JSSFS 2018 report and pictures

Campers showed up at 1430 on Friday afternoon.  The weather was decent and fish were caught.   5 campers decided to brave the weather.

Grill was started about 1730, and dinner was a combination of deer chili, cheese with crackers, jambalaya, baked potatoes with dressings, bratwurst, chased with red wine.

Fran, John, Don, Scott, and Puck continued to fish until dark, then sat around the campfire until about 2230, when Fran, John, and Matt decided that this would be the time to catch (CPR) bullfrogs.

The drizzle that we got during the night barely wet the ground, the wind had died, and the air was warm as we woke.  The slight breeze waas coming from the south, just enough to keep the vampires from flying, not enough to interfere with casting.

At 0400 the next morning Puck was feeding the fire and working on coals to cook breakfast.  At 0500 you could hear him swearing at a missed strike.  A large LMB had hit the popper 4 times with no hook-up.

0600 Matt had his coffee in hand, gates were opened, and the day began.

For the campers, breakfast was biscotti, sweet rolls, leftover brats and potatoes wrapped in cheese and stuffed into a warmed tortilla.  Downed with coffee, the campers were ready to start their day.

As Joe and Russell sat down at the sign-in station, at about 0630, they needed a fan to keep cool.  The temperature was warm (mid-70s) and the air humid.

The staging point seemed to be the picnic/camping area.  Folks would sign in at the gate, and gather at the tables to talk and drink their coffee.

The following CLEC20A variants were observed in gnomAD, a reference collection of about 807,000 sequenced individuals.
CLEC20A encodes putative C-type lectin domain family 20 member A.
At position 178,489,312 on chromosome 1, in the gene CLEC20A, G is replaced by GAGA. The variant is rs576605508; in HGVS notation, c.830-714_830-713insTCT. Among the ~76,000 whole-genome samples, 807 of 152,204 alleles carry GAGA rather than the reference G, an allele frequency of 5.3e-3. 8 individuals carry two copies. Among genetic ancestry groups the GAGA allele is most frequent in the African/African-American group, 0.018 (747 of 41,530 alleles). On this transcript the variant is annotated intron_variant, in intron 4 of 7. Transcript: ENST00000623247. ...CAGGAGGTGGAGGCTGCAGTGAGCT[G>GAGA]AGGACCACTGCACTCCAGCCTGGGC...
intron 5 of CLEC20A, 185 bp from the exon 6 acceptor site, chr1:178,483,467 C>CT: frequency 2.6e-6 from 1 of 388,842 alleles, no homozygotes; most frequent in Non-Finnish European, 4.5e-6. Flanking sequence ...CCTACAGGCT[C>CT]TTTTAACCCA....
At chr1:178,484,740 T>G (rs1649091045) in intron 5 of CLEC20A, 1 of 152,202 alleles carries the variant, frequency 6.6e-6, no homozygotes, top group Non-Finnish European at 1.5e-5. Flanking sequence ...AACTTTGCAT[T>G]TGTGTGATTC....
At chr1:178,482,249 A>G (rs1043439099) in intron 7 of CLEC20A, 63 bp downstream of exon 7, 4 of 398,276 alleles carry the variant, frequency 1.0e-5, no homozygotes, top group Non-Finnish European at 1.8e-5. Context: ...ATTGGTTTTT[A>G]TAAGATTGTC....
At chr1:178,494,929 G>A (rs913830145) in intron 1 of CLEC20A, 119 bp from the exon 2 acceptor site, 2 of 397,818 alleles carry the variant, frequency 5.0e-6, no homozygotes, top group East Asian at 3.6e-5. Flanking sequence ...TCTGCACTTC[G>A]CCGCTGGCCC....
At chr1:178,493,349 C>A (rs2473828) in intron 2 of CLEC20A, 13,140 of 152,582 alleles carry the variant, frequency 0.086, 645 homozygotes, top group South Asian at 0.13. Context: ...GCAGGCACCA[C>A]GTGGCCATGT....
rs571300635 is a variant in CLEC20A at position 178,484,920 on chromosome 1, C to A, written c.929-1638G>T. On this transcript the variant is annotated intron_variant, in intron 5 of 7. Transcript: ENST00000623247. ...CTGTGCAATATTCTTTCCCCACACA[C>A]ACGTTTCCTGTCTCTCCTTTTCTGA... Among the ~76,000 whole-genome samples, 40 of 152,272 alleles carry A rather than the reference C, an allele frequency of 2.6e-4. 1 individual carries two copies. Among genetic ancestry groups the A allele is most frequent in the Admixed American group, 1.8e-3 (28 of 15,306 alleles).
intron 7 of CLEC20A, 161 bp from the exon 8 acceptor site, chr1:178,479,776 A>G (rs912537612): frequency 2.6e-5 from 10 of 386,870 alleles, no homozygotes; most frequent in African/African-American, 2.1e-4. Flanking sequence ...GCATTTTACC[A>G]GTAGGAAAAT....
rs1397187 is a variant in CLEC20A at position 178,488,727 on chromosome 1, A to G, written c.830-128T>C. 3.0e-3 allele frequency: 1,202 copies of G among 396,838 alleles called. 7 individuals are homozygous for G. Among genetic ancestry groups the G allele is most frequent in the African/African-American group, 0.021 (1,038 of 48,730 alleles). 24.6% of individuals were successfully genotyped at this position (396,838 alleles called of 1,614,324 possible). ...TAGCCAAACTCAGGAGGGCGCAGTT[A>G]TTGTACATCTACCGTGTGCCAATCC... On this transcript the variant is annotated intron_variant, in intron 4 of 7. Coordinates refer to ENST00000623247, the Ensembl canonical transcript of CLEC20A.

It wasn’t long and our fly fishers started catching fish.  The fishing was slow, but they were biting.

At about 0900, the wind shifted, coming out of the north and causing the temperature to start dropping.

Matt and Thomas brought up the cowboy grill, and the charcoal was lit.  An aluminum boat was dragged into place to use as a windbreak.

By 1000, John and Thomas had erected tarps on the end of the picnic area in an effort to block some of the wind.

I have never seen a bass tail like a redfish until this weekend.  Here is the video:

One of our group had the misfortune of locking his keys, and his dog, in his 4WD.  Thought of smashing windows, and calling a locksmith obviously crossed his mind.  Fortunately, he had a spare set and home, and was able to borrow a vehicle to go get them.

Now considering that the keys in 4WD was a major topic of discussion during lunch, this may be considered a lesson learned by all.  Not so!  Keys in the truck, and unable to reach the buttons with a fly rod, another angler’s day was quickly taking a turn for the worst.  To the rescue comes a grandkid, able to slide between the slightly rolled down back window and the roof, and smart enough to know what button to push.

Fishing from a kickboat is a stealthy way to fish.  You learn a few tricks on line control, hook sets, and others.  A trick that a lot of us use for a hookset is to kick hard backwards and set the hook at the same time.  This trick backfired on one of our anglers,  He kicked backwards and the back of his jacket caught the water.  When he was upright that cold water crawled down his back, and into his waders, cooling him quickly.   He never did recover the body heat, and left right after lunch in an attempt to warm up.

Bob’s GD catching a fish on the fly.  Here is the video:

Temperature dropped to 46°F making the mist coming off the water take on a whole new meaning.

Lunch was served.  All anglers made their way to the picnic area as Laura and Rudy manned the grills.  Burgers went fast, with a few hot dogs disappearing.

MFQ and others helped clean up after lunch and a few went back to fishing.

With the temperature drop, high winds, low catch rate, our anglers started leaving just after lunch.  The last record of somebody on the water was about 1830.



And here we have a selection of photos from the event:

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